In Jong v HSBC Private Bank (Monaco) SA and others1 the Chancery Division of the High Court considered an application by the defendants to set aside permission to serve proceedings outside the jurisdiction on a defendant domiciled in Monaco, in proceedings where the two remaining defendants were domiciled   in England.


The claimant, Mrs Jong, conducted foreign exchange dealings through the first defendant, HSBC Private Bank (Monaco) SA (HSBC Monaco). On 1 May 2013, Mrs Jong issued High Court proceedings against HSBC Monaco, alleging that it had failed properly to give effect to her instructions, either by not executing trades which it had agreed to execute or by executing trades for which  it had no instructions. She claimed to have suffered substantial losses, estimated to be in the region of £20m, as a result.

Subsequently, Mrs Jong added as defendants to the proceedings two additional members of HSBC corporate group, both domiciled in England (the English defendants). Her claims against the English defendants were based on the English defendants’ investigation of complaints she had made in July 2008 about the handling of her account by HSBC Monaco. In summary, she alleged that her complaints were improperly investigated by the English defendants and that they covered up the failings of HSBC Monaco, with the effect that she continued trading with HSBC Monaco until March 2009, suffering additional losses.

A week after the addition of the English defendants, Mrs Jong made an application for permission to serve the proceedings on HSBC Monaco in Monaco  (for the avoidance of doubt, Mrs Jong was entitled to sue the English defendants in England as of right.) Permission was granted by a master in January 2014. The defendants applied to set aside the order granting permission on the basis that Monaco would be the more appropriate jurisdiction for the claim against HSBC Monaco.

Jurisdiction: a recap on the non-EU position

Since Monaco falls outside of the European jurisdiction regime (and the dispute was not covered by any of the exclusive jurisdiction provisions in that regime), jurisdiction was  to be determined on the basis of the residual common law provisions. At common law, for the court to accept jurisdiction, the proceedings must first be properly served on the defendant.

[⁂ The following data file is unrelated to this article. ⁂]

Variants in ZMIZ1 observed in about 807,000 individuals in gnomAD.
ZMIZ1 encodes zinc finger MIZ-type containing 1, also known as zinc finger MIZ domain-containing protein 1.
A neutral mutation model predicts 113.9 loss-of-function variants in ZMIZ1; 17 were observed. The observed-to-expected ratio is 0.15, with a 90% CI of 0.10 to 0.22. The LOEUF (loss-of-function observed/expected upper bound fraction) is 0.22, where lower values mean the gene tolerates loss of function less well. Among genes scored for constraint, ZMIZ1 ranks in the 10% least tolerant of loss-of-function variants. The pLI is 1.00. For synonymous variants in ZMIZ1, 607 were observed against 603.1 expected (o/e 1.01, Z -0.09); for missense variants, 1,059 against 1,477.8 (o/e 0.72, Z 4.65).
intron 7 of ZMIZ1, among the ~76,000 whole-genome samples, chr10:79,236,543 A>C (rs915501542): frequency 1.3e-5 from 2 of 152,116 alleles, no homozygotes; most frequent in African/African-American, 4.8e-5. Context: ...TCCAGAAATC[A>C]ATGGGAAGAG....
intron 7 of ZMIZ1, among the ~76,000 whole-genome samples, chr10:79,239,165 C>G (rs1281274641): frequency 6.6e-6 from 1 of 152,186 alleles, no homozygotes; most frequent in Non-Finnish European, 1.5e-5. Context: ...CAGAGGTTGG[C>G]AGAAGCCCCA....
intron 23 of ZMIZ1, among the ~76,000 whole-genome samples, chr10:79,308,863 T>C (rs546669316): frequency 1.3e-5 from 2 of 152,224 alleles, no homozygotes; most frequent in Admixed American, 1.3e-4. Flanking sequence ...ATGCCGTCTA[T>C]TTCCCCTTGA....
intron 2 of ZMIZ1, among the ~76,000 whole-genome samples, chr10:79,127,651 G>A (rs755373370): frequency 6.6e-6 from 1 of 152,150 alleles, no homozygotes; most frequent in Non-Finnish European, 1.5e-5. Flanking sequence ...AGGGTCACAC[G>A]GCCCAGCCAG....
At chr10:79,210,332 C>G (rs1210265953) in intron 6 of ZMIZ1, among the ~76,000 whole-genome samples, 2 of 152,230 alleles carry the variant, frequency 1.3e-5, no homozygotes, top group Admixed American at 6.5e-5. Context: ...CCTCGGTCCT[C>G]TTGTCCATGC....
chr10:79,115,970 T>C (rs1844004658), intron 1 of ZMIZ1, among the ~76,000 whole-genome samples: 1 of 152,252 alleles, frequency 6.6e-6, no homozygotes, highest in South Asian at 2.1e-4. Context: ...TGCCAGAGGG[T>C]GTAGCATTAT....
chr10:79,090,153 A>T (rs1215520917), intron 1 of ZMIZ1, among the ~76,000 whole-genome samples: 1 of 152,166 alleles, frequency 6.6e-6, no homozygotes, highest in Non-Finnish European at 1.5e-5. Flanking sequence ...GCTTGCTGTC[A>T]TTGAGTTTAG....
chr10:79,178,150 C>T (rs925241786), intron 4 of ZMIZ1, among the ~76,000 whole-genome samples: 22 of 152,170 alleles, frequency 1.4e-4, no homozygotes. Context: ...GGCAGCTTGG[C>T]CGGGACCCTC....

Except in limited circumstances, the court’s permission is required to serve proceedings outside of the jurisdiction. The court will only grant permission where:

  • the claimant has passed through one of the “gateways” in CPR Practice Direction 6B, paragraph 3.1
  • the claim has a real prospect of success
  • England is the proper place to bring the claim.

The addition of the English defendants meant that Mrs Jong did pass through one of the jurisdictional gateways (although she also relied on other gateways which were independent of that) and the defendants accepted that Mrs Jong’s claim had a real prospect of success. The court was therefore left to decide whether England was the proper place to bring the claim against HSBC Monaco.


HSBC Monaco’s standard terms and conditions contained a clause submitting any litigation between Mrs Jong and HSBC Monaco to the exclusive jurisdiction of the Monacan court (whilst reserving the right for HSBC Monaco only to bring proceedings elsewhere). The parties agreed that these terms and conditions applied to at least 90% of the relevant transactions.

The court recognised the importance of enforcement of exclusive jurisdiction clauses and said that the starting point was that they should be enforced. However, the court also noted that an exclusive jurisdiction clause was not binding on it and that there may be exceptions to their enforcement where justice requiresit.

It was common ground that Mrs Jong’s claims against HSBC Monaco were subject to Monacan law. However, the court did not consider, given the subject matter of the dispute, that this weighed significantly in favour of Monacan jurisdiction. That was because the dispute would be likely to turn  almost entirely on its facts – ie whether HSBC Monaco acted in accordance with its instructions or not. It was not suggested to the court that, in the event that this factual basis was made out, HSBC Monaco “could wriggle out of liability on some basis only available under the law of Monaco”.